A Whole New Different

Garden Update for September 12, 2019

We’re in full-on harvest season now. The cover photo is all the stuff I picked in one day, not counting a pound of radishes I pulled and cleaned earlier that morning. Some of the tomatoes have gone to make ketchup. Thirteen pounds of tomatoes cooks down to three quarts, so that uses them up fast. Several quarts of green beans are put away in dry salt or brine, some traditional preservation methods I’m trying out.

Garden Update for August 26, 2019

Picked over four pounds of green beans today, and there might be that much again tomorrow. Will have to start canning some this weekend, or take some to the farmer’s market. Cooler weather and regular rain lately have things looking great. The fall plantings of peas, lettuce, carrots, spinach, and kale are all up and growing. Also picking a lot of tomatoes and some Swiss chard and sweet corn.

Hen with Chicks

I think these chicks are about a month old, maybe a bit more. They’re the first ones I’ve had a hen hatch out successfully. She got pretty adamant about sitting on a batch of eggs, so I figured the summer was a good time to let her try. Usually they lose interest in them for the 21 days are up, and they wander off and I end up throwing away a bunch of eggs.

Garden Update for August 11, 2019

It was getting pretty dry when I recorded this, but we got an inch of rain later in the night, just in time. I dug all the early potatoes and got about 20 pounds. Not great, but the experiment worked out okay. The fall planting is done now, and the weeds are pretty well controlled. Harvesting lots of tomatoes and green beans, and there will be sweet corn and Swiss chard any day now.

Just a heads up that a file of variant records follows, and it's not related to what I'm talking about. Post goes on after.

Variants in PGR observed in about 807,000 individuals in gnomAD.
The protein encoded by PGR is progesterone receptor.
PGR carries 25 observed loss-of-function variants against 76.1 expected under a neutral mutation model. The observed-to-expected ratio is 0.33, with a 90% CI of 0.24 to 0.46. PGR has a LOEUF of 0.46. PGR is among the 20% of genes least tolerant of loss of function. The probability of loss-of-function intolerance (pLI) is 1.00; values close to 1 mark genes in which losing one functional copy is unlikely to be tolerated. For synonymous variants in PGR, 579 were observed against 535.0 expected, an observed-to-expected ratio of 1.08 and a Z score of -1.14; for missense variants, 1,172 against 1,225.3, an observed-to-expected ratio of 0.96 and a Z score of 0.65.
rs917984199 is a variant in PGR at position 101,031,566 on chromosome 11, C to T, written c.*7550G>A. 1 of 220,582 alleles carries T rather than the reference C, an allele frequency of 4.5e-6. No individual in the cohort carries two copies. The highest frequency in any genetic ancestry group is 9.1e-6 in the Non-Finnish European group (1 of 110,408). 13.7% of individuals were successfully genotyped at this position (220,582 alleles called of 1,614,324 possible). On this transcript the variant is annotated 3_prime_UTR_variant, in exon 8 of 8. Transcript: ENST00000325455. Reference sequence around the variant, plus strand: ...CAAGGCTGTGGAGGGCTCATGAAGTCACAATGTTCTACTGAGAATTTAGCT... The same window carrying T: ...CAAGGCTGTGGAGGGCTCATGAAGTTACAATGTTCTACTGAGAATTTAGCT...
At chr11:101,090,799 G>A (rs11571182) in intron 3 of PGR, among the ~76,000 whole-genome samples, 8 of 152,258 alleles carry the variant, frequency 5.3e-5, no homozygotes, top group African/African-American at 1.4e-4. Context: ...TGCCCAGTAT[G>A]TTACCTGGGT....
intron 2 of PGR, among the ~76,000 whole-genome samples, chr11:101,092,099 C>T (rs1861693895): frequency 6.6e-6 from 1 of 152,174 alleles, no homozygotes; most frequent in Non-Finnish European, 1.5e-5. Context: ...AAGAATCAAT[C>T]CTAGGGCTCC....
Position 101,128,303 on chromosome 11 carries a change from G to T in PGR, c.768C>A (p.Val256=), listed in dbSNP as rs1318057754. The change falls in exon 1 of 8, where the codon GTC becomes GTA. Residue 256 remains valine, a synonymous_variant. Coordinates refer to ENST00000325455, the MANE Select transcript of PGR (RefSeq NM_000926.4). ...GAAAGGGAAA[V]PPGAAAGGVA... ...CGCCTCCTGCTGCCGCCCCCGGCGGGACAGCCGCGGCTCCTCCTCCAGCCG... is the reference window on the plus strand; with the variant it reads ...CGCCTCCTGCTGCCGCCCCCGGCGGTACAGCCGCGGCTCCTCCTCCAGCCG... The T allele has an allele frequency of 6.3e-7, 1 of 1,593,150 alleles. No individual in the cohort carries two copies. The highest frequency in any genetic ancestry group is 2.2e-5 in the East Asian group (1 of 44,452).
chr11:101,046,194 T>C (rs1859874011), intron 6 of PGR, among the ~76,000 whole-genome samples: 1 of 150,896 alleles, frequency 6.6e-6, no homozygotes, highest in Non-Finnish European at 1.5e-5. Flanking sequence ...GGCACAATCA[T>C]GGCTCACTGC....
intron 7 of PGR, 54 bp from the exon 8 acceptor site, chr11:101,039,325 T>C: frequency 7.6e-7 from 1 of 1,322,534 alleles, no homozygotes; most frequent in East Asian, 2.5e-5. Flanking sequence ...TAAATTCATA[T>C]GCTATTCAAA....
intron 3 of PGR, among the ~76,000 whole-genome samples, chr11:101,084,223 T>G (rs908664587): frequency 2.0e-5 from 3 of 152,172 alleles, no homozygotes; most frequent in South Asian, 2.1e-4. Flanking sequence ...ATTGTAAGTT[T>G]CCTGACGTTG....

Garden Update for July 30, 2019

Things are perking up after a half-inch of rain a couple days ago. I had to fence the chickens out of the first garden spot, because it looked like they might be snacking on cabbages and broccoli, and might have pecked at a tomato. Not harvesting much right now, but tomatoes and green beans should come on strong soon.

Garden Update for July 21, 2019

We finally got some rain, the night before this recording. I had to break out the soaker hose last week, as plants were starting to wilt. Things are growing pretty well now, and over the next couple weeks it’ll be time to start harvesting potatoes, green beans, and tomatoes. I’ll also be planting late garden: radishes, carrots, cabbage, beets, and whatever else is sure to finish in less than two and a half months or can take some frost.

Garden Update: July 9, 2019

It took me a few days to get this one processed and uploaded. It got cut off right before the end for some reason, but I was just about to wrap up and say, “Thanks for watching,” so: thanks for watching. We’ve gone from rainy season to desert season. I watered most things the day after taking this one, because the soil I tilled up was just powder. Hoping some rain comes through soon.

Garden Update: June 19, 2019

Rain continues to be the story of this year’s garden. There was water standing in spots when I recorded this, and it’s pouring again as I upload it a couple days later. Things are still growing, though. Whenever there’s a break in the rain for a few days, it’ll be time to do a lot of weeding and start setting out warm-weather plants like sweet potatoes and squash and planting late garden.

Quitting Facebook Again

I just finished up my second Facebook ban, this one for seven days. So I’m out. The next one would probably be for 30 days, and there’s no point in using a communications network where you could be switched off at any time and have no way even to tell people why you aren’t responding. I had quit the site a couple years ago, and was happy with that. I started using my account again last year just to get to a private group of an organization I was part of.

Making a Wooden Wheel for a Lawnboy Mower

One of the drive wheels on my self-propelled mower started coming apart the other day. I tend to be hard on equipment, treating it like it was made of quality materials and can take some punishment. That’s why I like to buy older tools at auctions; they can handle heavier use than most new tools. Most of this mower is metal, but the wheels are plastic. I would hook the wheel on fence posts and let the mower pull itself around them, mowing close, and it kinda chewed up the wheel.